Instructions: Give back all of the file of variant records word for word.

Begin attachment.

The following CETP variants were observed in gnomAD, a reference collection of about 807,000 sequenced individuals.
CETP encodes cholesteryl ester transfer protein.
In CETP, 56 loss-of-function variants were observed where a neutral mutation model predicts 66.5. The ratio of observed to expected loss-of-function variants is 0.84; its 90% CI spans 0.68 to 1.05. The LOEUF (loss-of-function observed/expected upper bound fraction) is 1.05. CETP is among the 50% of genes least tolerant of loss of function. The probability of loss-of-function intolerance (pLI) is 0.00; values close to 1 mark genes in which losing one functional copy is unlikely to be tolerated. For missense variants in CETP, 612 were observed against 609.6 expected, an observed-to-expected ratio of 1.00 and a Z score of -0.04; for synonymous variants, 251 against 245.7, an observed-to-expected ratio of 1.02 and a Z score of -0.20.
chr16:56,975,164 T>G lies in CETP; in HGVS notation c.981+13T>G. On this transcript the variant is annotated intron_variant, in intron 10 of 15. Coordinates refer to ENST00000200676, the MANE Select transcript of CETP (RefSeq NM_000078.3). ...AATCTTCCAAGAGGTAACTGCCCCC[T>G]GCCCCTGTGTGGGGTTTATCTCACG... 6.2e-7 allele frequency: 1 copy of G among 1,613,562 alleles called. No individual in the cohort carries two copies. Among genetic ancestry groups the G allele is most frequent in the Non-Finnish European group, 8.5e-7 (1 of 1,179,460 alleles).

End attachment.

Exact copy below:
The following CETP variants were observed in gnomAD, a reference collection of about 807,000 sequenced individuals.
CETP encodes cholesteryl ester transfer protein.
In CETP, 56 loss-of-function variants were observed where a neutral mutation model predicts 66.5. The ratio of observed to expected loss-of-function variants is 0.84; its 90% CI spans 0.68 to 1.05. The LOEUF (loss-of-function observed/expected upper bound fraction) is 1.05. CETP is among the 50% of genes least tolerant of loss of function. The probability of loss-of-function intolerance (pLI) is 0.00; values close to 1 mark genes in which losing one functional copy is unlikely to be tolerated. For missense variants in CETP, 612 were observed against 609.6 expected, an observed-to-expected ratio of 1.00 and a Z score of -0.04; for synonymous variants, 251 against 245.7, an observed-to-expected ratio of 1.02 and a Z score of -0.20.
chr16:56,975,164 T>G lies in CETP; in HGVS notation c.981+13T>G. On this transcript the variant is annotated intron_variant, in intron 10 of 15. Coordinates refer to ENST00000200676, the MANE Select transcript of CETP (RefSeq NM_000078.3). ...AATCTTCCAAGAGGTAACTGCCCCC[T>G]GCCCCTGTGTGGGGTTTATCTCACG... 6.2e-7 allele frequency: 1 copy of G among 1,613,562 alleles called. No individual in the cohort carries two copies. Among genetic ancestry groups the G allele is most frequent in the Non-Finnish European group, 8.5e-7 (1 of 1,179,460 alleles).